Still, the UK will be competing on price with other destinations for that supply.
3. Cold temperatures last winter draw down gas storage stocks
Gas storage reserves, particularly on the Continent, were depleted faster than anticipated as a result of cold temperatures. In January 2017, temperatures on Continental Europe plunged to five year lows, triggering a sharp increase in heating demand. Total European gas storage entered last winter with record high volumes of over 1,100TWh. However, high demand sharply drew the stocks down. By February 2017, reserves had more than halved to just 500TWh – over 150TWh lower than the previous year. The heavier depletion of reserves meant that more injections were required to rebuild reserves ahead of the 2017/18 winter season. This has added to the demand picture and helped to push up gas prices.
4. Reduced LNG availability
The UK has imported less LNG in 2017 to date, compared to the first eight months of 2016. High gas demand in Asia has meant the UK has struggled to compete with the Asian LNG market on price. China is looking to reduce its use of coal, while Japan is still without most of its nuclear fleet following the Fukushima accident in 2011. With Asian prices at a premium over the UK market, this has encouraged floating, non-contracted cargoes to head east rather than to Europe.
Furthermore, diplomatic tensions in Qatar have slowed the delivery times for tankers out of the Middle East, with tankers taking an extended route to Europe. The UK has imported 8.5 million cubic metres (mcm) of LNG so far in 2017. This is down from 14mcm over the equivalent period last year.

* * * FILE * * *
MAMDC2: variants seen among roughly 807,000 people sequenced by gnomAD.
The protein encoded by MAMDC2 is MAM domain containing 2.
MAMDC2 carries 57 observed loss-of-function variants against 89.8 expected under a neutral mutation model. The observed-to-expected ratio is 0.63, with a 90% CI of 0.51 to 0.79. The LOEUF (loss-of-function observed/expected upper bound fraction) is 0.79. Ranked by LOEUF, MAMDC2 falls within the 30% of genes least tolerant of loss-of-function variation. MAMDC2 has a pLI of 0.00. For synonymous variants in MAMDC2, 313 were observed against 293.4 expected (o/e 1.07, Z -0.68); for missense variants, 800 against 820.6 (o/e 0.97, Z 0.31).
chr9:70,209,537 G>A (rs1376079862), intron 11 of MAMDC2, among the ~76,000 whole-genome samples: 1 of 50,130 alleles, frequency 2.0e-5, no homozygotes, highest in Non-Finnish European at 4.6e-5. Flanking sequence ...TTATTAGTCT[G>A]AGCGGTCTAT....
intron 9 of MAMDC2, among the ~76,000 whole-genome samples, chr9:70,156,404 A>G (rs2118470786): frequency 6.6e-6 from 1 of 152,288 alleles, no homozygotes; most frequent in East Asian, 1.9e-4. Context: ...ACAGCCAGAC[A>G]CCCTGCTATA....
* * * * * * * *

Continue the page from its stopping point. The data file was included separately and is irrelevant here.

5. Exchange rates
The value of the pound has fallen around 15% since the UK voted to leave the European Union in June 2016. This has resulted in increased costs for UK buyers of imports from overseas. Given some of the factors already outlined, the UK will be more dependent on Europe for energy supplies in the coming months. The weak value of the pound means imports cost more, pushing up wholesale gas and power prices.
We can help you mitigate the impact of increasing energy prices
Our energy buying team keep a close eye on the energy markets and price movements, making sure our clients stay well informed. Your overall energy bills are becoming more expensive, not only because wholesale costs are rising but also due to rapidly increasing non-commodity costs.
Here at Utilitywise, we can help you manage your costs on both sides of the meter. On the ‘supply side’ we can support buying better with smart, fixed or flexible procurement contracts and bill validation. In addition, on the ‘demand side’ we can provide actionable insights into utility usage with our intelligent building controls and bureau solutions that go hand-in-hand with our procurement services.
If you’d like to find out more about Utilitywise energy procurement services call us on 01527 511 757, email firstname.lastname@example.org, or visit our website.